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How to send arguments to Command line using Javascript

Apr 7th, 2008 23:17
ha mo, Jean-Bernard Valentaten, James Currie, Colin Fraser, sushil Pan,

I am going to assume you mean the DOS command line in pre- XP Windows or
Firstly, why would you want to? 
Secondly, no it cannot be done. Javascript is designed to work inside
the browser, not outside it. (Someone may actually argue this, but I bet
the argument will be lost on me and probably 99% of other Javascript
users and writers.)  
If you must use something try PHP or Java, javascript was never designed
to be used in the manner you are thinking.
First: I can think of many reasons, even in an XP envrionment. Do not 
forget that Javascript WAS designed to be used in exactly this manner. 
JS was not invented by MS and was not inteneded to be a MS specific 
language. In fact it was intended to be platform independent. JS is 
used in Windows through WSH or Windows Scripting Host, and can be 
executed from a command prompt simply by typing the name of the file 
Second: Yes it can be done. just like any other executable, any 
paramaters after the file name are passed to the script.
c:\>example.js par1 test
in the case above par1 and test are parameters. In your script access 
this parameter with the following code:
   var param1 = WScript.Arguments.Item(0);
   var param2 = WScript.Arguments.Item(1);
Some good examples of uses:
Writing an XML parser that is passed the name of the file to parse 
using a command line parameter.
Integrating with a 3rd party application that will execute outside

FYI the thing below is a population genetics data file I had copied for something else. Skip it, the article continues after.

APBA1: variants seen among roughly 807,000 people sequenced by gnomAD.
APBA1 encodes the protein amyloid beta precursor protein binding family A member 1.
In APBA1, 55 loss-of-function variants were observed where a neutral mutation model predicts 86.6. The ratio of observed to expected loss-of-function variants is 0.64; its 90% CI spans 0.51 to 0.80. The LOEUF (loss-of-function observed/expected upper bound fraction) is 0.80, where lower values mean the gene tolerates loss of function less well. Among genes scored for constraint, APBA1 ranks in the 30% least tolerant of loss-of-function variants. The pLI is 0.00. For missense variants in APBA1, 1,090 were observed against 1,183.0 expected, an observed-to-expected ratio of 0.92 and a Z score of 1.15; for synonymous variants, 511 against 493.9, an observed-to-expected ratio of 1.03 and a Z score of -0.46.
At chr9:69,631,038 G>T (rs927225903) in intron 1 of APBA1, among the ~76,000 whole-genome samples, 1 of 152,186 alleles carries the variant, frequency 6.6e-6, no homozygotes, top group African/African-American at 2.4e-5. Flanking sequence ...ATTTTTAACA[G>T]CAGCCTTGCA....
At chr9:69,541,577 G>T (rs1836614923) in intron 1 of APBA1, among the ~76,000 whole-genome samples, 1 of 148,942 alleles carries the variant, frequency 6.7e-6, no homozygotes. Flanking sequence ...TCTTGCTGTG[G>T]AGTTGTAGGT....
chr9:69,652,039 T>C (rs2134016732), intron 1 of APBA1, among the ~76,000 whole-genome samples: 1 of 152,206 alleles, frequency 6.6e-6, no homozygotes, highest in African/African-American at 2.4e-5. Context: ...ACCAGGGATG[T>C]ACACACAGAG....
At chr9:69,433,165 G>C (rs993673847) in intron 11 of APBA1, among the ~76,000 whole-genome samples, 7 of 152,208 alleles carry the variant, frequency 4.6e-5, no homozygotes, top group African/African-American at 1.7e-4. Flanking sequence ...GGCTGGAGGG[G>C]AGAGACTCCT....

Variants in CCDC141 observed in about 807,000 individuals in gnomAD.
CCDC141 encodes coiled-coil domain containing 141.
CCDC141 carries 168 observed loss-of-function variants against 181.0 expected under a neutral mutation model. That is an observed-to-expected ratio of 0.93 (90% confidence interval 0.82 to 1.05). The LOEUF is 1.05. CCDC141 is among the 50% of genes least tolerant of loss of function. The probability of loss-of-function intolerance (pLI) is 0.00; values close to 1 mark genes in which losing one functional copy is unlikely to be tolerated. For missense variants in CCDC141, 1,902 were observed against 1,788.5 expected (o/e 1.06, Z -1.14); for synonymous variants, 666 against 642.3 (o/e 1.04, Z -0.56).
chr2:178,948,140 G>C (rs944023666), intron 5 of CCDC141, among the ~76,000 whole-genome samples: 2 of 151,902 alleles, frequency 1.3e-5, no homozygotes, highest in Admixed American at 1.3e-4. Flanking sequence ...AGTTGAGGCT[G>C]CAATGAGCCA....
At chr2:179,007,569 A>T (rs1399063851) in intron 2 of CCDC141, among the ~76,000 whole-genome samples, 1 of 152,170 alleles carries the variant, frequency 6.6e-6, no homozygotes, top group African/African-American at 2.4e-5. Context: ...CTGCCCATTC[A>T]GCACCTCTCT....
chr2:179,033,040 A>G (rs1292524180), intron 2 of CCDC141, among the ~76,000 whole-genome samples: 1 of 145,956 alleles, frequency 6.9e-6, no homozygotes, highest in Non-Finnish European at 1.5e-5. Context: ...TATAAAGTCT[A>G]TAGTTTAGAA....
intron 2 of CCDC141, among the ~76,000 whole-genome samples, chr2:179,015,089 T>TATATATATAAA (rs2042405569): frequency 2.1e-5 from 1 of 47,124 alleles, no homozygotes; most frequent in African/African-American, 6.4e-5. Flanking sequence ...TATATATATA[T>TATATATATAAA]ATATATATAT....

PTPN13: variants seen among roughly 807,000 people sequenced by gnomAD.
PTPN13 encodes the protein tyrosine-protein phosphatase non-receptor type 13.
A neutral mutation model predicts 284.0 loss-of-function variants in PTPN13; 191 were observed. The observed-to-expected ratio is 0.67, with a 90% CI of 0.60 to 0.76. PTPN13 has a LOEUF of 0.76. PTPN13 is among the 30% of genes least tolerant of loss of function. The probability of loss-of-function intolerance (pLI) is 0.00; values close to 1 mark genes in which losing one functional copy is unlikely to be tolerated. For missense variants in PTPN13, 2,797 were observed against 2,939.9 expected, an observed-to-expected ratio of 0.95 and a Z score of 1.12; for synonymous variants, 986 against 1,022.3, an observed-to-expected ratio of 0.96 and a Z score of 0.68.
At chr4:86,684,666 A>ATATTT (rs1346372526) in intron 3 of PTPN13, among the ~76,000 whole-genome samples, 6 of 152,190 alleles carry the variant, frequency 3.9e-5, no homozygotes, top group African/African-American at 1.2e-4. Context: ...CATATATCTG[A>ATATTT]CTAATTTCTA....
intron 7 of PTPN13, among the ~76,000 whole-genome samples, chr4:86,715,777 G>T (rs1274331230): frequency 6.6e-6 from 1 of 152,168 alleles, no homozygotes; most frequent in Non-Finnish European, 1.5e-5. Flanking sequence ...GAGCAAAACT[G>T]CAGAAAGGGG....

applications and pass variables through parameters.
Well, now we can all calm down a little and try to focus on the 
question, which was meant as "How do I pass an argument from a 
javascript to the commandline and not vice versa".
I'm afraid Colin is right here. It cannot be done using javascript, 
since it's purpose was (and still is) to access a DOM inside a browser 
(and have limited access to the browser itself).
It is true that Microsoft introduced a WSH-Engine that interpretes a 
scripting language similar to javascript called JScript.
But (!!!) JScript is not javascript. JScript has a lot more access to 
the system than javascript does and it won't run on systems other than 
MS Windows (ok, there are engines for MacOS and a couple of unices *g*)
So, if one wants access to the system, hear my advice: learn to code a 
serverside scripting language (ASP, JSP, PHP ...) in case you wish to 
call external programs on the server or use a Java applet if this has 
to be done clientside.
Well, one might also use JScript, but only if you are absolutely sure 
that you'll only have Windows based clients on your site :)